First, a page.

With her sultry look and glowing sexuality, Russell became a star before she was ever seen by a wide movie audience. The Hughes publicity mill ground out photos of the beauty in low-cut costumes and swimsuits, and she became famous, especially as a pinup for World War II GIs.
Russell made only a handful of films after the 1960s. She had remained active in her church, with charitable organizations and with a local singing group until her health began to decline just a couple of weeks ago, said her daughter-in-law, Etta Waterfield. She died at her home in Santa Maria, Calif.
"She always said I'm going to die in the saddle, I'm not going to sit at home and become an old woman," Waterfield told The Associated Press. "And that's exactly what she did . . . "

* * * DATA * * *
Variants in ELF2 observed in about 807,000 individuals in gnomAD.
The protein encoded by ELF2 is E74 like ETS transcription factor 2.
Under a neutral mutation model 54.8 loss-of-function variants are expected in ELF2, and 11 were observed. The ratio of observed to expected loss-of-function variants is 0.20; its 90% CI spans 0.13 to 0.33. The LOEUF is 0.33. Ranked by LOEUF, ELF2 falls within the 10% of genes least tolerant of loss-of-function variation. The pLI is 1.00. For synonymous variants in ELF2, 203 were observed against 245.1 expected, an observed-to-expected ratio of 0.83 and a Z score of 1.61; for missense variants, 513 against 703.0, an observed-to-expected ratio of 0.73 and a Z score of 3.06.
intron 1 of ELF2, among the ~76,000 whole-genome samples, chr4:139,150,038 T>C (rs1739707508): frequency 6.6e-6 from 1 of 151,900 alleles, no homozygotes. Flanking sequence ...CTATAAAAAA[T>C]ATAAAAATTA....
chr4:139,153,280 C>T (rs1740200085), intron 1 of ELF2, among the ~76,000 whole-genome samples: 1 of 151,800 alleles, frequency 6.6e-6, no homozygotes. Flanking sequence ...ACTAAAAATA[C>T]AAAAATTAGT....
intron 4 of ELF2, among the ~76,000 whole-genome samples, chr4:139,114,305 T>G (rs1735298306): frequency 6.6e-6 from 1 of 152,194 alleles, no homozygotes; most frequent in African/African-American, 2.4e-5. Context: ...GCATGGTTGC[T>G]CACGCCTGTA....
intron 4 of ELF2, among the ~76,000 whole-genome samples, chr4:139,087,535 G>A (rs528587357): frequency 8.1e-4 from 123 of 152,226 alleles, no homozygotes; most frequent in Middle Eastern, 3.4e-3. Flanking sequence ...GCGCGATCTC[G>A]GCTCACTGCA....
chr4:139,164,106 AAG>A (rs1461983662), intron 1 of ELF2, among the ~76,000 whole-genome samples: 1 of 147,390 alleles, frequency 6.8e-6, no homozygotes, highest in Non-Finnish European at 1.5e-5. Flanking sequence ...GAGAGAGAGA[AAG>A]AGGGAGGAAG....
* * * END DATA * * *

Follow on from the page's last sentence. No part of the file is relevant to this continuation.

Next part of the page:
Hughes, the eccentric billionaire, put her onto the path to stardom when he cast her in "The Outlaw," a film he fought with censors for nearly a decade to get into wide release.
By that time she had become a box-office star by starring with Bob Hope in the 1948 hit comedy-Western "The Paleface." Although her look and her hourglass figure made her the subject of numerous nightclub jokes, unlike Marilyn Monroe, Rita Hayworth and other pinup queens, Russell was untouched by scandal in her personal life. During her Hollywood career she was married to star UCLA and pro football quarterback Bob Waterfield.
Her early ambition was to design clothes and houses, but while working as a receptionist, she was spotted by a movie agent who submitted her photos to Hughes, and she was summoned for a test with Howard Hawks, who was to direct "The Outlaw."